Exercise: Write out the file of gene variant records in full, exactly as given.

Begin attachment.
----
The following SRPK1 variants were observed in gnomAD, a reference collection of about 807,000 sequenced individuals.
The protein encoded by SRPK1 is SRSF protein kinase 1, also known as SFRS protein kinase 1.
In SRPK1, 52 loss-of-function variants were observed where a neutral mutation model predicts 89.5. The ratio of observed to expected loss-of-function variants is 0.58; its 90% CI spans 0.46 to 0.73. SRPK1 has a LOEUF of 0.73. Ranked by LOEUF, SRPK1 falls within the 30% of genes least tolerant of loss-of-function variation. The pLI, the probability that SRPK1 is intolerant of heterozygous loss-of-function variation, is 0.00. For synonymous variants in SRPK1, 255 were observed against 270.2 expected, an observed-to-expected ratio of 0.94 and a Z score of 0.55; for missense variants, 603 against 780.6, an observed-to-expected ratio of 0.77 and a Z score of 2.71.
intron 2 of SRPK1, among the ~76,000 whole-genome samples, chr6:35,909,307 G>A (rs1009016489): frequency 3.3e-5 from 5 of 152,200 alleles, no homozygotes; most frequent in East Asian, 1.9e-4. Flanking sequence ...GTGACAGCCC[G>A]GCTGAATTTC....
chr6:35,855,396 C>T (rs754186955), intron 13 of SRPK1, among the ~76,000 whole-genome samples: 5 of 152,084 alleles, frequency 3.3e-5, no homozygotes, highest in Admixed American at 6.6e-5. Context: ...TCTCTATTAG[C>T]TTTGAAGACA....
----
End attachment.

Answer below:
The following SRPK1 variants were observed in gnomAD, a reference collection of about 807,000 sequenced individuals.
The protein encoded by SRPK1 is SRSF protein kinase 1, also known as SFRS protein kinase 1.
In SRPK1, 52 loss-of-function variants were observed where a neutral mutation model predicts 89.5. The ratio of observed to expected loss-of-function variants is 0.58; its 90% CI spans 0.46 to 0.73. SRPK1 has a LOEUF of 0.73. Ranked by LOEUF, SRPK1 falls within the 30% of genes least tolerant of loss-of-function variation. The pLI, the probability that SRPK1 is intolerant of heterozygous loss-of-function variation, is 0.00. For synonymous variants in SRPK1, 255 were observed against 270.2 expected, an observed-to-expected ratio of 0.94 and a Z score of 0.55; for missense variants, 603 against 780.6, an observed-to-expected ratio of 0.77 and a Z score of 2.71.
intron 2 of SRPK1, among the ~76,000 whole-genome samples, chr6:35,909,307 G>A (rs1009016489): frequency 3.3e-5 from 5 of 152,200 alleles, no homozygotes; most frequent in East Asian, 1.9e-4. Flanking sequence ...GTGACAGCCC[G>A]GCTGAATTTC....
chr6:35,855,396 C>T (rs754186955), intron 13 of SRPK1, among the ~76,000 whole-genome samples: 5 of 152,084 alleles, frequency 3.3e-5, no homozygotes, highest in Admixed American at 6.6e-5. Context: ...TCTCTATTAG[C>T]TTTGAAGACA....